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Visit a Veritable Museum of Portuguese Contemporary Art Inside Four Seasons Hotel Ritz Lisbon

   
Lisbon, Portugal

Four Seasons Hotel Ritz Lisbon invites art lovers to admire one of the country's largest and most important privately-owned collections of mid-twentieth century Portuguese art in loco.

In 1959 the iconic Hotel Ritz, as it was then named, was built with the aim of imparting upon the city of Lisbon a modern legacy. At the time a host of notable local artists were invited to bestow their own individual and vibrant legacy of decorative arts.

The Hotel’s unique collection is representative of national values and the independence of the Portuguese spirit. The eclectic mix of sculptures, paintings and tapestries makes the Hotel as veritable a museum of Portuguese contemporary art as any found on the steep climbs of the city outside.  

Collection Highlights

Gracing the lounge at lobby level named after the artist himself, Almada Negreiros’ Centaur trilogy of Portalegre tapestries was inspired by the constellation Centaurs. The artist’s inspiration by Picasso and his relish of geometry are clearly visible in the three artworks - in the centaurs’ exhibitionist pose, provocative posture and their embrace. The mesmerising marble mural sgraffito work A Ceifeira (The Harvest) is also undoubtedly one of the Hotel’s hallmarks. Other notable works by the artist, who referred to himself a futurist artist, can be found in the nearby Calouste Gulbenkian Foundation and the Museum of Contemporary National Art in Chiado.

The two canvas oil paintings by Carlos Botelho are a perfect mix of reality and fiction of Lisbon in the late fifties. In the Vistas de Lisboa (Views of Lisbon) we see the tiles, roofs and balconies characteristic of the riverside area of the city. If you’ve visited the area you’ll recognise the Casa dos Bicos and the Sé Cathedral. The Barcos no Tejo (Boats on the Tagus) depicts the hustle and bustle of the Tejo River. You can see the arrival of boats with merchandise, men carrying salt to land, as well as the varinas - women who sold fish, carrying them in baskets on their heads and calling out to customers - all but a distant memory now.

It was not by chance that the two most important artists, in the opinion of international art critics of the period, Almada Negreiros and Carlos Botelho, were chosen for the main lounge, an area of great prestige.

Coincidence – or not - at the heart of the collection, the As Quatro Estações (Four Seasons) tapestry designed by Sarah Afonso in1959 honours the name of the Hotel today. This unique tapestry shows the four seasons of the year in feminine forms. The artist was the wife of previously mentioned José de Almada Negreiros, considered one of the pivotal figures of the Modernist movement in Portugal.

Commissioned for the Hotel’s entrance hall to the grand ballroom, the intricate work in lacquered wood with mother of pearl inlays executed by António Louro de Almeida, take the Bambús design by Pedro Leitão to a whole other level. This elegant mural transmits an elegant oriental inspiration, and like a thee-star Michelin restaurant: is “worth a special journey” to this part of the Hotel.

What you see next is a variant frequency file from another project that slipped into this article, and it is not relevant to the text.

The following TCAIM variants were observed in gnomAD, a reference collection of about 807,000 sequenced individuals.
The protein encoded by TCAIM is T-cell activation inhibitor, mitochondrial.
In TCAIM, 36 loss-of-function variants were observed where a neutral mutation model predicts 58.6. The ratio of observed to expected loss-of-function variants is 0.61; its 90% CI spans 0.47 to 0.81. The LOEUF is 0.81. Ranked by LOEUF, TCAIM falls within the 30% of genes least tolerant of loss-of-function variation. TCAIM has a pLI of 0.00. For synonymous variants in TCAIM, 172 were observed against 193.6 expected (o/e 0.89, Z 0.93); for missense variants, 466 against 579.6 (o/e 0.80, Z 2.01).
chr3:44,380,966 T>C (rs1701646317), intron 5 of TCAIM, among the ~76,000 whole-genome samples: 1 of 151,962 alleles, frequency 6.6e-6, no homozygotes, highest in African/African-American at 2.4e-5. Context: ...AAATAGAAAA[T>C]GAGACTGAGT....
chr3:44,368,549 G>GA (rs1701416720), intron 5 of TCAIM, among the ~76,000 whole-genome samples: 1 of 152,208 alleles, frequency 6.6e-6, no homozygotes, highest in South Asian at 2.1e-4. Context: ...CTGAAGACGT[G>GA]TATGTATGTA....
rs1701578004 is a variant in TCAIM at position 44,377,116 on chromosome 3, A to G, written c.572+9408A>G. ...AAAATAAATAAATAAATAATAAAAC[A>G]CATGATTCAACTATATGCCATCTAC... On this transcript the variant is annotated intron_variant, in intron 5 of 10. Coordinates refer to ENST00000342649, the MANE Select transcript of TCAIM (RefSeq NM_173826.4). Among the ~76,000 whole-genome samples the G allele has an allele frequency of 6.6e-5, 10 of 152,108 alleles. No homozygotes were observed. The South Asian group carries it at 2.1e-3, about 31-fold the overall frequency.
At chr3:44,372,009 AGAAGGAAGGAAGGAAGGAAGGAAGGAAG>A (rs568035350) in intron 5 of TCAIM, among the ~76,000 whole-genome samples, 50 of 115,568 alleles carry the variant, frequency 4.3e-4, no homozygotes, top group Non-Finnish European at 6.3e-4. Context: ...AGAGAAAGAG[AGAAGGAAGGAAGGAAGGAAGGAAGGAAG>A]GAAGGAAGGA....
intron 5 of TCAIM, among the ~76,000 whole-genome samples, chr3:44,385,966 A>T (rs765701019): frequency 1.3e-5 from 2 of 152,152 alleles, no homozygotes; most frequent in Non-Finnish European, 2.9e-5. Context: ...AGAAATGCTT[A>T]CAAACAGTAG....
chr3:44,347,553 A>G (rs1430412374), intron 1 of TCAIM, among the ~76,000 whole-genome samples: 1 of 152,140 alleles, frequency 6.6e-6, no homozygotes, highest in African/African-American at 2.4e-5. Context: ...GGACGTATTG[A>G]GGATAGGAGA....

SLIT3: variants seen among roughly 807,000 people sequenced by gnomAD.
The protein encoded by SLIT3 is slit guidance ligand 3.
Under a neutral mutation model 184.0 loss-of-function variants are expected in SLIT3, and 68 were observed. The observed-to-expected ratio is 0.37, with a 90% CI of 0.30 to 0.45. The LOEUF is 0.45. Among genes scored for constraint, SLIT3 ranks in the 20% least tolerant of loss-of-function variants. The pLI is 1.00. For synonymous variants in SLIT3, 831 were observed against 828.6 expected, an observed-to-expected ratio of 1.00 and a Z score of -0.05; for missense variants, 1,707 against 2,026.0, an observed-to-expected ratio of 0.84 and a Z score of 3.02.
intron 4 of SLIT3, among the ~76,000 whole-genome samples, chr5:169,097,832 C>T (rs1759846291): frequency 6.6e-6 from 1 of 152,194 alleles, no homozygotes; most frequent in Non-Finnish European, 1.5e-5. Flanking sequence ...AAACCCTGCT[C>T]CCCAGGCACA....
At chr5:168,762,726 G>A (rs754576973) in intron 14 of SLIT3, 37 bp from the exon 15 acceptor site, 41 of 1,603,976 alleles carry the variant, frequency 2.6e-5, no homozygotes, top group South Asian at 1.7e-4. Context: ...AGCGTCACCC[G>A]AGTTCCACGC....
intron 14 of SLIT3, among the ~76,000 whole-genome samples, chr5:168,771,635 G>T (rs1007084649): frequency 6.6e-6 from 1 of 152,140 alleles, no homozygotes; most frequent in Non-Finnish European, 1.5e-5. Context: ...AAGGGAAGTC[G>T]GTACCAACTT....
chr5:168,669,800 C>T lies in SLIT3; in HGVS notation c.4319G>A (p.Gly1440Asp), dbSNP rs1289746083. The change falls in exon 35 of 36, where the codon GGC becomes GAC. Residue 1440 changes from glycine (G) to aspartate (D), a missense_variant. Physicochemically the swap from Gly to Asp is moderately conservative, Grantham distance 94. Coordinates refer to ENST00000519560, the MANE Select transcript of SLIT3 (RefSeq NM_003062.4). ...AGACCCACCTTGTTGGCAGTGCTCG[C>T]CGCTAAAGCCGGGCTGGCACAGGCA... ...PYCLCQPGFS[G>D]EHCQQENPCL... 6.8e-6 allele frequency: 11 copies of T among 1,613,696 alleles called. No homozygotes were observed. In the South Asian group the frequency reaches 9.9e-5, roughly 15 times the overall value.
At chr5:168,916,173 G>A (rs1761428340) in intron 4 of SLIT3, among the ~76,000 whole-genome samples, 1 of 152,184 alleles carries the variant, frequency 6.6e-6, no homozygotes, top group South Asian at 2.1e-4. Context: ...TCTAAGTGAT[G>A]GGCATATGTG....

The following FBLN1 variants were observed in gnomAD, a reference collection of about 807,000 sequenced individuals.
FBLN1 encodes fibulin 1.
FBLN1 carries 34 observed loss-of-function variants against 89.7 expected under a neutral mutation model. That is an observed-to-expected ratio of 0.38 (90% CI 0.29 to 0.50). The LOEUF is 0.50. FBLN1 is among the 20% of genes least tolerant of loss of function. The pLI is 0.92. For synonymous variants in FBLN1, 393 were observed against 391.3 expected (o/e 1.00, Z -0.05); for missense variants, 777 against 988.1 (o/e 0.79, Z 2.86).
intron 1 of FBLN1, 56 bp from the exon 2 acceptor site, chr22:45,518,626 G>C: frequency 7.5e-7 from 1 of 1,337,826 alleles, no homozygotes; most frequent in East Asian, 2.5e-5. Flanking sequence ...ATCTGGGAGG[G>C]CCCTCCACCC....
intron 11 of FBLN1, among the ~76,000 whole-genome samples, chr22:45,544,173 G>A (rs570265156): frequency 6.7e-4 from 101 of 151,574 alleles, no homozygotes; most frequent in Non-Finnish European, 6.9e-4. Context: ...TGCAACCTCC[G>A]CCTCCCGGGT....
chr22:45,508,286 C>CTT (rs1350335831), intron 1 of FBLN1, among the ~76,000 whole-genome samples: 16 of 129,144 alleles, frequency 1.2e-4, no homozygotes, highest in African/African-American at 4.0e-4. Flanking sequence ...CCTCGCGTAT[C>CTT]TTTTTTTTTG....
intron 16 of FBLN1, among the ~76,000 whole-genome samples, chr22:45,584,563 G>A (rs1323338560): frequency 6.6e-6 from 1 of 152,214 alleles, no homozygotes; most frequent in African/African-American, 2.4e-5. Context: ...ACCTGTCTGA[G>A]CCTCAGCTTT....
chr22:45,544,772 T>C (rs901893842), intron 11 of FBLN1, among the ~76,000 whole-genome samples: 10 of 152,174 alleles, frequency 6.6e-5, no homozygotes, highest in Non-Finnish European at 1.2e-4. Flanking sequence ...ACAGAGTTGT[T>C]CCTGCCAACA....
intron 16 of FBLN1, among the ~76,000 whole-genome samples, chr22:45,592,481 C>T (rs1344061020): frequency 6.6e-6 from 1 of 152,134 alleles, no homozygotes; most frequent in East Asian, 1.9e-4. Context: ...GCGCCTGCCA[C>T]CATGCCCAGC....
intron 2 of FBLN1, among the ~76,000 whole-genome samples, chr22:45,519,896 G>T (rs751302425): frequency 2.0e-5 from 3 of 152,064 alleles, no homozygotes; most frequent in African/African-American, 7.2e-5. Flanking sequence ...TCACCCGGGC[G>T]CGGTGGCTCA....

The significance of ceramics and tiles in the context of Portuguese art was also not forgotten and work was ordered from the most renowned artists of the period. Querubim Lapa’s naïve interpretation of Lisboa in the pillar at the foot of the ballroom’s suspended stairwell is one clear example, as is Estrela Faria’s As Sete Colinas de Lisboa (Lisbon’s seven hills) – can you spot all seven?

Lagoa Henriques is often remembered as the artist behind the much-photographed bronze statue of Fernando Pessoa sitting outside A Brasileira café in the buzzing Chiado neighbourhood, and the The Secret statue in the Eduardo VII Park opposite the Hotel. Inside, at Varanda Restaurant you can find the larger-than-life bronze Sea Horses symbolising strength and power, as well as the matt golden conch light appliques illuminating the halls at lobby level.

More for Art Lovers

Should you want to explore the collection further, the Hotel has launched a free iPad art app that can be used as a personal art curator and tour guide. With intuitive, easy-to-use features and tools, the app boasts a library of high resolution images and descriptive text, providing a fascinating historical and cultural walk through the Hotel’s outstanding collection. For the little ones, the app includes a fun and engaging memory game, challenging them to recall images of artwork they have spied around the Hotel.

We asked Daniela Fonseca, one of the Hotel’s lively Concierges, an art lover herself, if besides the usual museums she had any tips for explorations outside the Hotel, and she mentioned how the stations of the city’s subway - which were inaugurated the same year as the Hotel, are also true masterpieces underground – with works by many of the same artists as those in the Hotel, further establishing their status as the greatest creative minds of the time.

And if you really can’t get enough art, she goes on to suggest hopping on a vintage sidecar to discover Lisbon’s cutting-edge street art on an exhilarating, tailor-made Street Art experience, led by an art guide and a designated driver.